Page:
Addressing global infectious diseases has been an ongoing challenge. To tackle the issue, in 2018 the U.S. Department of Health and Human Services’ Centers for Disease Control and Prevention put together a Kaizen group consisting of an interdisciplinary collection of healthcare and IT professionals.

The group worked collaboratively to develop a roadmap and metrics for the future of clinical guidelines as they apply to electronic health records and infectious diseases.

Such an approach has several advantages — and a handful of drawbacks. That’s what attracted the attention of Steph Hoelscher, chief clinical analyst for the Office of Clinical Transformation at Texas Tech University Health Sciences Center’s School of Medicine in Lubbock, Texas.

Digitalizing these guidelines and algorithms would consist of creating them in a way that an EHR could accept them quickly from an outside source with minimum modification needed to the system.

“The goal of this would be to decrease guideline adoption time as well as improve both provider and informaticist satisfaction, not to mention improve overall population health,” said Hoelscher. “The process is still in its early stages and hopefully will move to larger scale testing within the next year.”

For the project, Hoelscher and her team looked to align their facilities with the CDC’s initiative, the Quadruple Aim, as well as the 21st Century Cures Act, in regards to clinician documentation burden.

She’ll discuss the implementation in more depth at the upcoming HIMSS19 annual conference in Orlando, Florida -- focusing on preparing an EHR for the future of clinical decision support, and bridging the gap until they get there.

“The process can be as complicated or simple as your development team allows for,” said Hoelscher. “Proper CDS development takes time, patience, evidence, subject matter experts committed to the project, and executive support.”

Facilities often lack the time and resources to properly develop a new process -- one that involves testing, reevaluation and maintenance. But for it to truly succeed, it has to be designed to stand the test of time, said Hoelscher.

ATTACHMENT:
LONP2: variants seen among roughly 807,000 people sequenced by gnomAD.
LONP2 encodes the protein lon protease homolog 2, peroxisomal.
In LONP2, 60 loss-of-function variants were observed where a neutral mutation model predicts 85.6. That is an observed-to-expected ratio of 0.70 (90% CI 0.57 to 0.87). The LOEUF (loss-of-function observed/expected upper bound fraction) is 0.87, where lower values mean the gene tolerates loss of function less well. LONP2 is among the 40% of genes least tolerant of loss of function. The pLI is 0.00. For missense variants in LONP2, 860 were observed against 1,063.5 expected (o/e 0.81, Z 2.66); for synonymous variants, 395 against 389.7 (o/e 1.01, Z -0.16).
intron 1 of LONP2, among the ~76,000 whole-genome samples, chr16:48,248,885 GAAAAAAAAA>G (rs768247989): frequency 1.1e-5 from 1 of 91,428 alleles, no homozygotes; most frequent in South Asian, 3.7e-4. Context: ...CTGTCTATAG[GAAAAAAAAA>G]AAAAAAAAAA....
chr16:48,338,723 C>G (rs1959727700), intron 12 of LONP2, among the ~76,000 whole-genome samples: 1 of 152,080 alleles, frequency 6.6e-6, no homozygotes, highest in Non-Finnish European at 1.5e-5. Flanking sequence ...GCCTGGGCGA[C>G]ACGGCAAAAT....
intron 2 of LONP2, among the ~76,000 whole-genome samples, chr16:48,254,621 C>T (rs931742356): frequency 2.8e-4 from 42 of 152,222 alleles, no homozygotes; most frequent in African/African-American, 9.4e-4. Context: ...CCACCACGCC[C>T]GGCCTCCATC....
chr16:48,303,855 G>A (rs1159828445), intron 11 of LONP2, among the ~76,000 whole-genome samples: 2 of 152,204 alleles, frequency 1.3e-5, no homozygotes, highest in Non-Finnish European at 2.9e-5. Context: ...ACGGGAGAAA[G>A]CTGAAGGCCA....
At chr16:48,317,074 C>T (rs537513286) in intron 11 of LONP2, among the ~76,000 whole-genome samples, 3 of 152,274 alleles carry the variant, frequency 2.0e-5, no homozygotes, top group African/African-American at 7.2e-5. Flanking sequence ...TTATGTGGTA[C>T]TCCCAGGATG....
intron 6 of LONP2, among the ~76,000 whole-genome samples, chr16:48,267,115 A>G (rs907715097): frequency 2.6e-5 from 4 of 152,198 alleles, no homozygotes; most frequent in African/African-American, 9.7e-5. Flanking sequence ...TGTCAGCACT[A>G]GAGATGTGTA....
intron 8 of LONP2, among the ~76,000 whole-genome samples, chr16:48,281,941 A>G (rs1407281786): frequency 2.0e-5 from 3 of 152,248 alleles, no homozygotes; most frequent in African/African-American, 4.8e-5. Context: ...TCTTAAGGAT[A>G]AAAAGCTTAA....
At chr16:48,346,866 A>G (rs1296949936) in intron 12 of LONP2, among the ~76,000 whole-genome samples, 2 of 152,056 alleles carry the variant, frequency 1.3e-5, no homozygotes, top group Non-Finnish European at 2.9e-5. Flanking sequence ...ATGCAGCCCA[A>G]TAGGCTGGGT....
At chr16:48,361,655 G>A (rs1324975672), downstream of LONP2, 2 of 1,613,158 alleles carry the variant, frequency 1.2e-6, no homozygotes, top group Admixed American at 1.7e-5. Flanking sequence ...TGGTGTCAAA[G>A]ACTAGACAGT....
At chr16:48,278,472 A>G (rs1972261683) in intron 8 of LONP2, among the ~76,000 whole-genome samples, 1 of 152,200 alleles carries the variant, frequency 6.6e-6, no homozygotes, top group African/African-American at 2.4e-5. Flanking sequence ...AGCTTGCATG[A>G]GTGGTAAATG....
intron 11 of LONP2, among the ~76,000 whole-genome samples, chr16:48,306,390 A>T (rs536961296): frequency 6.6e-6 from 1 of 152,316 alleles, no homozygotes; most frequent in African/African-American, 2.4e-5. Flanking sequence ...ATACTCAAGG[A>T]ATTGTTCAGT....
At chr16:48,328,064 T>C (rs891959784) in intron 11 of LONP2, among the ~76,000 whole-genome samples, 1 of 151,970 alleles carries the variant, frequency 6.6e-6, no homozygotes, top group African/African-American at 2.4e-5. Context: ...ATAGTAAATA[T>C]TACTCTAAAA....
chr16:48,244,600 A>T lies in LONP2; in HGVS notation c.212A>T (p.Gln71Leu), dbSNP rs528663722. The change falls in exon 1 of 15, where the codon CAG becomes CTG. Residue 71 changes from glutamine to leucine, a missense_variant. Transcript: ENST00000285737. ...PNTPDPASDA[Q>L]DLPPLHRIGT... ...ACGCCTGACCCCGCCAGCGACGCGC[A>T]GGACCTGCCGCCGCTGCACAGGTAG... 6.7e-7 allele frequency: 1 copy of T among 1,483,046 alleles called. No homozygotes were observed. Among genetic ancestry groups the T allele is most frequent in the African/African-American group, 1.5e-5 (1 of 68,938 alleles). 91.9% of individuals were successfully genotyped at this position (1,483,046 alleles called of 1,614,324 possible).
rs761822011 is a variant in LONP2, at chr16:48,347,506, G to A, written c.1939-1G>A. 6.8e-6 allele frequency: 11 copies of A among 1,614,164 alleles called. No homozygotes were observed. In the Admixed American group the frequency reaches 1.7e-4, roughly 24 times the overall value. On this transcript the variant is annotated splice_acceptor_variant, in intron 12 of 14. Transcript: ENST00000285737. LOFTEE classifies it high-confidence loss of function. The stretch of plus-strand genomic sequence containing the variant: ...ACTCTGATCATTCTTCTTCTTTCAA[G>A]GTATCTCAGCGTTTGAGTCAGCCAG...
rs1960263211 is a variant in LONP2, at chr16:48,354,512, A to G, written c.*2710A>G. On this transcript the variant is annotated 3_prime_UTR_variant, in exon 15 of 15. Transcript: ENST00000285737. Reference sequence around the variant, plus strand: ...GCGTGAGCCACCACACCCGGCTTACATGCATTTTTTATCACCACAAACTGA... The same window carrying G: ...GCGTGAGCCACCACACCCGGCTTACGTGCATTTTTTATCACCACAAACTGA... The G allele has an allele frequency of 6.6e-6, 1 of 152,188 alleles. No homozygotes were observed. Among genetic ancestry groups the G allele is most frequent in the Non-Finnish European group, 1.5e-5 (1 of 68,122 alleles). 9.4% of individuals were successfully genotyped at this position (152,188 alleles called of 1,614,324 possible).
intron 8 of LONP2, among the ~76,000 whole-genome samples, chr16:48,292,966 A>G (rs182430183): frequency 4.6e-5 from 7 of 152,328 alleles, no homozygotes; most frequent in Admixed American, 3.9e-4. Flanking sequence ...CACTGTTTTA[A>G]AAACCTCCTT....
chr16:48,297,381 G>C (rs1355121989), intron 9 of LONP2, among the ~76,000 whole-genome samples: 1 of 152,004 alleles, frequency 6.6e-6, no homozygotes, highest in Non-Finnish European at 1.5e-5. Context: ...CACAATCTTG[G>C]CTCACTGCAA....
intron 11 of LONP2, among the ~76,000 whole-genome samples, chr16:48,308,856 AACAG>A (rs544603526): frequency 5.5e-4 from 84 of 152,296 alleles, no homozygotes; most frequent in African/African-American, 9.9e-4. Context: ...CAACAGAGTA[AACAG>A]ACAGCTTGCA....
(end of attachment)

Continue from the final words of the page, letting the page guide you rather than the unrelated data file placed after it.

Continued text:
That takes commitment, and with the constant changes of both medicine and technology, having CDS design that’s evidence-based, usable and safe can be a challenge.

“If you push hard for a strong CDS foundation, maintenance later on can be made much simpler,” said Hoelscher.

There are, of course, both pros and cons of clinical support in EHRs. First, the cons.

The limits of current technology and education are a big one. As fast as technology often moves, sometimes it’s just not fast enough; EHRs are often just not ready for the changes an organization may want to make today, and there have to be temporary bridges built in order to make it across the chasm.

And then there’s making a complex concept understandable to multiple levels of healthcare professionals.

“As with any maintenance cycle of a CDS project, quality education and often re-education needs to be a top priority,” said Hoelscher. “Staff and providers that do not ‘understand’ changes or new workflows, often succumb to frustration, and that’s what we are trying to avoid.”

Yet there are some pros as well. Hoelscher’s organization has integrated the potential for local disease detection into its EHR. With diseases like measles popping with some frequency as of late, it’s not enough to simply concentrate on Ebola and Zika.

“With that being said, an improved CDS process can possibly help you recognize the next Virus ‘X’ as well,” she said. “We are at the point where it’s not a matter of if, but when. If our systems can be enhanced enough to accept digitized algorithms from agencies such as the CDC in the future, the improvement in quicker detection and treatment of impacted patients could be profound, even life-saving.”

Hoelscher will share these thoughts and more at HIMSS19 annual conference in Orlando in a session entitled “Clinician Satisfaction: Digitalizing ID Clinical Guidelines,” at 3 p.m. on Tuesday, Feb. 12 in room W311E.